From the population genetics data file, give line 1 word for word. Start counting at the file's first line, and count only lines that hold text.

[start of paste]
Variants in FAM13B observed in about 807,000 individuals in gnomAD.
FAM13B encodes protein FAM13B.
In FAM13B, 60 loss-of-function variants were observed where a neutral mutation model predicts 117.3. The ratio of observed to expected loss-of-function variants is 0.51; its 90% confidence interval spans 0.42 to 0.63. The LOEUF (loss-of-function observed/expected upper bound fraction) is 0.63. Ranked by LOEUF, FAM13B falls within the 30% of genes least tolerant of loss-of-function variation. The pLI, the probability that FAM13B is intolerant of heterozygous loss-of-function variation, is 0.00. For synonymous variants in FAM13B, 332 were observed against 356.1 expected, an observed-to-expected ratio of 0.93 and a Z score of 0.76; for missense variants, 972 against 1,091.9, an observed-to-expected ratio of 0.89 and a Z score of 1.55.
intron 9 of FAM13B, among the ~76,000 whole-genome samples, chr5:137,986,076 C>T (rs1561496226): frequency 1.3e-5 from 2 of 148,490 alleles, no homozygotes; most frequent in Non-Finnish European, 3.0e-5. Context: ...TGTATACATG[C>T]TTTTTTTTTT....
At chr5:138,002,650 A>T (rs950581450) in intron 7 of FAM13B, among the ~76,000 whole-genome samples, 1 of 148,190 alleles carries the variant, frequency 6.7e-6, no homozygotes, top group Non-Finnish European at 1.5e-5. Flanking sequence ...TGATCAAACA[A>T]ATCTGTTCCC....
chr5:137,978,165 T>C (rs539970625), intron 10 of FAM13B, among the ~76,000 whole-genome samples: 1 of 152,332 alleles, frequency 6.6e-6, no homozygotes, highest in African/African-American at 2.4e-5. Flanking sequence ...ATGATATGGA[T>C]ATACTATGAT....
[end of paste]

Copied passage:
Variants in FAM13B observed in about 807,000 individuals in gnomAD.